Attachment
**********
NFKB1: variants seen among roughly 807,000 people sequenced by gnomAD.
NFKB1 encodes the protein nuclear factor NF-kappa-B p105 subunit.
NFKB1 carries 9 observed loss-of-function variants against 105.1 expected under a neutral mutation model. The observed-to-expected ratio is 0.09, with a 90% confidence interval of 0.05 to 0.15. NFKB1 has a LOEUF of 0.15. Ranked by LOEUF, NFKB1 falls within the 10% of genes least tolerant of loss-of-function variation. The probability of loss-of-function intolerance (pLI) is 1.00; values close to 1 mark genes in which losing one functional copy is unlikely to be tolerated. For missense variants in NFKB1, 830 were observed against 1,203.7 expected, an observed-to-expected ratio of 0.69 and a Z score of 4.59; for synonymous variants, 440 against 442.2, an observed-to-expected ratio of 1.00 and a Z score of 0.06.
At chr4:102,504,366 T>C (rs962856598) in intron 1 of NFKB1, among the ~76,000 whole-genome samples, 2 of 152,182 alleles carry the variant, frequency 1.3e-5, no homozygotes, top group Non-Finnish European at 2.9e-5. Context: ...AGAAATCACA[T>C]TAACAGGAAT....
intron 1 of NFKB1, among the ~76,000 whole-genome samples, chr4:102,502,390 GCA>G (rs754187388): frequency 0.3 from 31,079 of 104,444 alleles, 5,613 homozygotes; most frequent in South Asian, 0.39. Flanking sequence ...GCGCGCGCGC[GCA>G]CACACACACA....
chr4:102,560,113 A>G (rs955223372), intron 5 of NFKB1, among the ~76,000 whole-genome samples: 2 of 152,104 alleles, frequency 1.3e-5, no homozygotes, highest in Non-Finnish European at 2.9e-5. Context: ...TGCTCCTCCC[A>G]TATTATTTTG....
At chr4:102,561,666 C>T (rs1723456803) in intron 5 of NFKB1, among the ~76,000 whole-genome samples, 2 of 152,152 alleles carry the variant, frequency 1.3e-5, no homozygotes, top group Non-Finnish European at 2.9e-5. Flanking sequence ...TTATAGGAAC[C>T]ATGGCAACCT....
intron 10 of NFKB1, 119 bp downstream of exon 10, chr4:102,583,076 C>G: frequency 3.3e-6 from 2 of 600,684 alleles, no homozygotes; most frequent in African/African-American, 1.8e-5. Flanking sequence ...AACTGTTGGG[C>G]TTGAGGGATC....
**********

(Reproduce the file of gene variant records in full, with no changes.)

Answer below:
NFKB1: variants seen among roughly 807,000 people sequenced by gnomAD.
NFKB1 encodes the protein nuclear factor NF-kappa-B p105 subunit.
NFKB1 carries 9 observed loss-of-function variants against 105.1 expected under a neutral mutation model. The observed-to-expected ratio is 0.09, with a 90% confidence interval of 0.05 to 0.15. NFKB1 has a LOEUF of 0.15. Ranked by LOEUF, NFKB1 falls within the 10% of genes least tolerant of loss-of-function variation. The probability of loss-of-function intolerance (pLI) is 1.00; values close to 1 mark genes in which losing one functional copy is unlikely to be tolerated. For missense variants in NFKB1, 830 were observed against 1,203.7 expected, an observed-to-expected ratio of 0.69 and a Z score of 4.59; for synonymous variants, 440 against 442.2, an observed-to-expected ratio of 1.00 and a Z score of 0.06.
At chr4:102,504,366 T>C (rs962856598) in intron 1 of NFKB1, among the ~76,000 whole-genome samples, 2 of 152,182 alleles carry the variant, frequency 1.3e-5, no homozygotes, top group Non-Finnish European at 2.9e-5. Context: ...AGAAATCACA[T>C]TAACAGGAAT....
intron 1 of NFKB1, among the ~76,000 whole-genome samples, chr4:102,502,390 GCA>G (rs754187388): frequency 0.3 from 31,079 of 104,444 alleles, 5,613 homozygotes; most frequent in South Asian, 0.39. Flanking sequence ...GCGCGCGCGC[GCA>G]CACACACACA....
chr4:102,560,113 A>G (rs955223372), intron 5 of NFKB1, among the ~76,000 whole-genome samples: 2 of 152,104 alleles, frequency 1.3e-5, no homozygotes, highest in Non-Finnish European at 2.9e-5. Context: ...TGCTCCTCCC[A>G]TATTATTTTG....
At chr4:102,561,666 C>T (rs1723456803) in intron 5 of NFKB1, among the ~76,000 whole-genome samples, 2 of 152,152 alleles carry the variant, frequency 1.3e-5, no homozygotes, top group Non-Finnish European at 2.9e-5. Flanking sequence ...TTATAGGAAC[C>T]ATGGCAACCT....
intron 10 of NFKB1, 119 bp downstream of exon 10, chr4:102,583,076 C>G: frequency 3.3e-6 from 2 of 600,684 alleles, no homozygotes; most frequent in African/African-American, 1.8e-5. Flanking sequence ...AACTGTTGGG[C>G]TTGAGGGATC....